‘Our House Is Truly on Fire’: Earth Now Has 50% Chance of Hitting 1.5°C of Warming by 2026

“The 1.5°C figure is not some random statistic,” said the head of the World Meteorological Organization. “It is rather an indicator of the point at which climate impacts will become increasingly harmful for people and indeed the entire planet.”

A home burns as flames from the Dixie Fire tear through the Indian Falls neighborhood of unincorporated Plumas County, California on July 24, 2021. (Photo: Josh Edelson/AFP via Getty Images)

JAKE JOHNSONMay 10, 2022 published https://www.commondreams.org/

The World Meteorological Organization warned Monday that the planet now faces a 50% chance of temporarily hitting 1.5°C of warming above pre-industrial levels over the next five years, another signal that political leaders—particularly those of the rich nations most responsible for carbon emissions—are failing to rein in fossil fuel use.

“For as long as we continue to emit greenhouse gases, temperatures will continue to rise.”

In 2015, by comparison, the likelihood of briefly reaching or exceeding 1.5°C of global warming over the ensuing five-year period was estimated to be “close to zero,” the WMO noted in a new climate update. The report was published amid a deadly heatwave on the Indian subcontinent that scientists say is a glimpse of what’s to come if runaway carbon emissions aren’t halted. Thus far, the heatwave has killed dozens in India and Pakistan.

Signatories to the Paris climate accord have agreed to act to limit the global average temperature increase to well below 2°C—preferably to 1.5°C—by the end of the century. Climate advocates have deemed the 1.5°C target “on life support” following world leaders’ refusal to commit to more ambitious action at the COP26 summit in Glasgow late last year.

“We are getting measurably closer to temporarily reaching the lower target of the Paris Agreement,” Petteri Taalas, the secretary-general of the WMO, said in a statement Monday. “The 1.5°C figure is not some random statistic. It is rather an indicator of the point at which climate impacts will become increasingly harmful for people and indeed the entire planet.”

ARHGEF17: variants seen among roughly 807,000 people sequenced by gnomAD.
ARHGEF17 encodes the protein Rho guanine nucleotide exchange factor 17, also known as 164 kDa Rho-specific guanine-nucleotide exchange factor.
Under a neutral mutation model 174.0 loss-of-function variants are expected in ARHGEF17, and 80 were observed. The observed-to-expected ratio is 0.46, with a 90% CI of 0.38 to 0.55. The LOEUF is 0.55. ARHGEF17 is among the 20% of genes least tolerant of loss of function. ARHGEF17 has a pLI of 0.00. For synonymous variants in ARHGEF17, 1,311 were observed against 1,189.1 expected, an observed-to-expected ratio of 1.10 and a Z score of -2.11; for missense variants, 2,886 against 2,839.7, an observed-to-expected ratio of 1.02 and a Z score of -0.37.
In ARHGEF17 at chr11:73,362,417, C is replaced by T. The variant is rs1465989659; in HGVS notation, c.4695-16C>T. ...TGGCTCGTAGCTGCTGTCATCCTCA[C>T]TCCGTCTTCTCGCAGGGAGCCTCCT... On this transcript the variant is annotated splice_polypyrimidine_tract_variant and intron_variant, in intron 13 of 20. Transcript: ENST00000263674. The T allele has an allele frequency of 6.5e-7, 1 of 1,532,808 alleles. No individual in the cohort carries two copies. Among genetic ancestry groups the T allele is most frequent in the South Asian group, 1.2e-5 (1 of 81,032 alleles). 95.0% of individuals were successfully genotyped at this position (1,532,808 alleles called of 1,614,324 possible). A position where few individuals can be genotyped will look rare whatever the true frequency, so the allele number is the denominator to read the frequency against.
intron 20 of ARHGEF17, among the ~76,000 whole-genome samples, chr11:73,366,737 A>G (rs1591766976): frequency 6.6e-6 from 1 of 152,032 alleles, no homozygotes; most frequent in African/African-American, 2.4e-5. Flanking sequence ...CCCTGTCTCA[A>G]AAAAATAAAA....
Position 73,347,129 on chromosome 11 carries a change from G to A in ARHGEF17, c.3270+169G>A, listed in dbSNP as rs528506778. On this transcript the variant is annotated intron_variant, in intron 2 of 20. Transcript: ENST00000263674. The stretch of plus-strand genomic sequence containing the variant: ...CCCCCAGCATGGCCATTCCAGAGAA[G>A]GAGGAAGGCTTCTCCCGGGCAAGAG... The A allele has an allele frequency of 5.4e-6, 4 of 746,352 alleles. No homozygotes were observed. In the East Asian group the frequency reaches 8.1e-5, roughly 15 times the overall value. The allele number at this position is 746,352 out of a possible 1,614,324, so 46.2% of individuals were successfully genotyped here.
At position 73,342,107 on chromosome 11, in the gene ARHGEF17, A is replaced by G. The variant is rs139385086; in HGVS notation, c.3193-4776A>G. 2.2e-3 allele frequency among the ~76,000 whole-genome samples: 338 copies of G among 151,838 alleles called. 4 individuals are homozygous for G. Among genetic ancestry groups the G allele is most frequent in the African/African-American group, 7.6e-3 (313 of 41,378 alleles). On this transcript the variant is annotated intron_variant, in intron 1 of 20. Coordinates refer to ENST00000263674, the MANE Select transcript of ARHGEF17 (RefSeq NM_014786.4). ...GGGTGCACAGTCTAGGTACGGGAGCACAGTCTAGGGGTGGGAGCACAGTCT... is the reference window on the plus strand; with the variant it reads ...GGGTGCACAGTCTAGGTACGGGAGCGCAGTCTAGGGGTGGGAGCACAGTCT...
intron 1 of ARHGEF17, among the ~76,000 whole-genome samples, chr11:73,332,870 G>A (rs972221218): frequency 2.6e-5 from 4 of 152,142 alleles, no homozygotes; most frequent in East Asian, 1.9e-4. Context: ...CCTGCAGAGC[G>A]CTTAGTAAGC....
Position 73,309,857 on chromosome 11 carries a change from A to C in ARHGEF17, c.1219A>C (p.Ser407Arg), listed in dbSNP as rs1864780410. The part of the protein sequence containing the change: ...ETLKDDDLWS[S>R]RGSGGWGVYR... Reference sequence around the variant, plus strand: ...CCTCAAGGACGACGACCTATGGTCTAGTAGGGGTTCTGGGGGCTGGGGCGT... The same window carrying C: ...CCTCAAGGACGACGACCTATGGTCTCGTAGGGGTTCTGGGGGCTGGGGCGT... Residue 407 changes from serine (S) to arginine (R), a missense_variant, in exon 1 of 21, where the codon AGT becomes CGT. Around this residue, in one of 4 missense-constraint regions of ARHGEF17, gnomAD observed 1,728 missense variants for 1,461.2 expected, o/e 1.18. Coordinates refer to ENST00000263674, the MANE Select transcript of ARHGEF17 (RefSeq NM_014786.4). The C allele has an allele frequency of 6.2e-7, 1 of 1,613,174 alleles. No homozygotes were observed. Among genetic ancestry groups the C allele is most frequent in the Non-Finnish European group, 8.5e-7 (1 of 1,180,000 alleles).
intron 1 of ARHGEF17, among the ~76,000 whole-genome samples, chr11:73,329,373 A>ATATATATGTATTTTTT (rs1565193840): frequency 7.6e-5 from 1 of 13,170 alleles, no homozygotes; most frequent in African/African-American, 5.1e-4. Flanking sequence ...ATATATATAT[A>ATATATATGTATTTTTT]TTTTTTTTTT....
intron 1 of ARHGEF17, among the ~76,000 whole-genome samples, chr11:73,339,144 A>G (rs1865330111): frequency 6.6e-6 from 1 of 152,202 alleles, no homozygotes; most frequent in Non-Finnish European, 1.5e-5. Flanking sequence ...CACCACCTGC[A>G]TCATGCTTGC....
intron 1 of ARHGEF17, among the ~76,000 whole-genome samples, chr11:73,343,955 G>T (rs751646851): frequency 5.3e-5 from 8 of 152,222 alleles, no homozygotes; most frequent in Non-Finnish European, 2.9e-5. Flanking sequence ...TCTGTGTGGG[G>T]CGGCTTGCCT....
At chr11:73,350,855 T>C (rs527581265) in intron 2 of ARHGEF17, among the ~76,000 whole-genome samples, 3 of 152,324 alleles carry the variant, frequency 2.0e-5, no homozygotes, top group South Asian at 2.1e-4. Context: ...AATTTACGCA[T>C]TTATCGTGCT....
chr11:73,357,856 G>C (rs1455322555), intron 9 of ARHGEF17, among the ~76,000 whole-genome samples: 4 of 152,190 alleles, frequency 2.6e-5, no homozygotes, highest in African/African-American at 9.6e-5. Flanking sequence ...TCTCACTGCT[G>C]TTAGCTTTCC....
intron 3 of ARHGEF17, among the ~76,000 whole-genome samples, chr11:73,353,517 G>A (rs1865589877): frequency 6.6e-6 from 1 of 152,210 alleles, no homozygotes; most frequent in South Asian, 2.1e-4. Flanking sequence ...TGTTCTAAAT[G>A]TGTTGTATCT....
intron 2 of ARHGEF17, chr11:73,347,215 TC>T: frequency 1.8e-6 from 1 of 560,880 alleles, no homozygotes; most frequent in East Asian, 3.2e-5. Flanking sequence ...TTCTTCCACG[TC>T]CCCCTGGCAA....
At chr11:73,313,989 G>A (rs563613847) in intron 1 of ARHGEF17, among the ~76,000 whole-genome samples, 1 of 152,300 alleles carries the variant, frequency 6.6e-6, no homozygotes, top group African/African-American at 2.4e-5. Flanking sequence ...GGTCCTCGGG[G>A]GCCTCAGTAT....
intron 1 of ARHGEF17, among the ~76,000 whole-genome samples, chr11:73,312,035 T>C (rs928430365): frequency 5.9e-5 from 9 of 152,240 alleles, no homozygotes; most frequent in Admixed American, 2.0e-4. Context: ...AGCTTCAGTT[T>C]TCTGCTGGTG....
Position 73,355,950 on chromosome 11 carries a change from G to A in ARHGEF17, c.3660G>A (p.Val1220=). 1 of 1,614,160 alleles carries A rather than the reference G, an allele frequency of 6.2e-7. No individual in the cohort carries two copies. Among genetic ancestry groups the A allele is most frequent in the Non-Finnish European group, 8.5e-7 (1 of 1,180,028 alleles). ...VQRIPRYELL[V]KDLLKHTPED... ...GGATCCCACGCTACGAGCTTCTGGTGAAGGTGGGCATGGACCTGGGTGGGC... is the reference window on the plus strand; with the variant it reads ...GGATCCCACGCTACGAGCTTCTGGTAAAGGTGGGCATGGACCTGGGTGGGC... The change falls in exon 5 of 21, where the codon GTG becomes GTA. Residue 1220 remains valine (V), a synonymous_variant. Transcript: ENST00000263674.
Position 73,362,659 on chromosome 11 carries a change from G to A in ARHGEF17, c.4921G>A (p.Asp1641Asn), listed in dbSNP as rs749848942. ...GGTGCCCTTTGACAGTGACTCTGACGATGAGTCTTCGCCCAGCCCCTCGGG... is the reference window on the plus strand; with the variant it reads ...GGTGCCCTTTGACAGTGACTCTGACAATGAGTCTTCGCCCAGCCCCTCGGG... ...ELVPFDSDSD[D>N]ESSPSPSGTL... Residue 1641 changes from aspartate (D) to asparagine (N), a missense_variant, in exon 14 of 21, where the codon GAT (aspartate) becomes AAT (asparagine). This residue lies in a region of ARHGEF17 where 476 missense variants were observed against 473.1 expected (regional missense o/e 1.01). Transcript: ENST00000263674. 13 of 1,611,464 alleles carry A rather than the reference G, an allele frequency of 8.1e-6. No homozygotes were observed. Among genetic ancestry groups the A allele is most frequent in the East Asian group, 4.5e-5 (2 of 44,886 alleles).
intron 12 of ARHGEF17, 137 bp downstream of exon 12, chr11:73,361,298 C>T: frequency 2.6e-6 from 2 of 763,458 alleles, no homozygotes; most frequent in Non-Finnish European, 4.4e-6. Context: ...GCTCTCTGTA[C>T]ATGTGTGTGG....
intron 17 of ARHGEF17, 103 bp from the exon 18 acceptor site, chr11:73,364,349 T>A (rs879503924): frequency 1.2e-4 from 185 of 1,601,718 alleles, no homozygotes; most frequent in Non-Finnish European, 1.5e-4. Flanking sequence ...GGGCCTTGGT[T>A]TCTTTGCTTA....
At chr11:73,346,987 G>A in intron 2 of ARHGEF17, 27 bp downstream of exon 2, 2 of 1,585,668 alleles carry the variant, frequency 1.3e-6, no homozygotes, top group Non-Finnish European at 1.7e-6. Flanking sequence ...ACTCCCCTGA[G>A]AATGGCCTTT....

“For as long as we continue to emit greenhouse gases, temperatures will continue to rise,” Taalas added. “And alongside that, our oceans will continue to become warmer and more acidic, sea ice and glaciers will continue to melt, sea level will continue to rise and, our weather will become more extreme. Arctic warming is disproportionately high and what happens in the Arctic affects all of us.”

Dr. Leon Hermanson, a climate expert at the U.K. Met Office who led the WMO report, stressed that a short-lived breach of the 1.5°C threshold would not mean that the world is guaranteed to fall short of the Paris accord’s most ambitious warming target, which climate experts and campaigners have long decried as inadequate.

Such a breach, however, would “reveal that we are edging ever closer to a situation where 1.5°C could be exceeded for an extended period,” said Hermanson.

The WMO’s latest research also estimates that there is a 93% chance that at least one year between 2022 and 2026 will be the warmest on record. Currently, 2016 and 2020 are tied for the top spot.

Even if global warming is limited to 1.5°C by 2100, countless people across the globe will still face devastating heatwaves, droughts, and other extreme weather, with the poor facing the worst consequences.

Meanwhile, key ecosystems could be damaged beyond repair in a 1.5°C hotter world. One recent study found that 99% of the world’s coral reefs would experience heatwaves that are “too frequent for them to recover” if the planet gets 1.5°C warmer compared to pre-industrial levels.

Scientists behind the latest Intergovernmental Panel on Climate Change (IPCC) report cautioned last month that if there’s to be any hope of keeping warming to 1.5°C or below by 2100, “it’s now or never.”

“Without immediate and deep emissions reductions across all sectors, it will be impossible,” said Jim Skea, co-chair of IPCC Working Group III.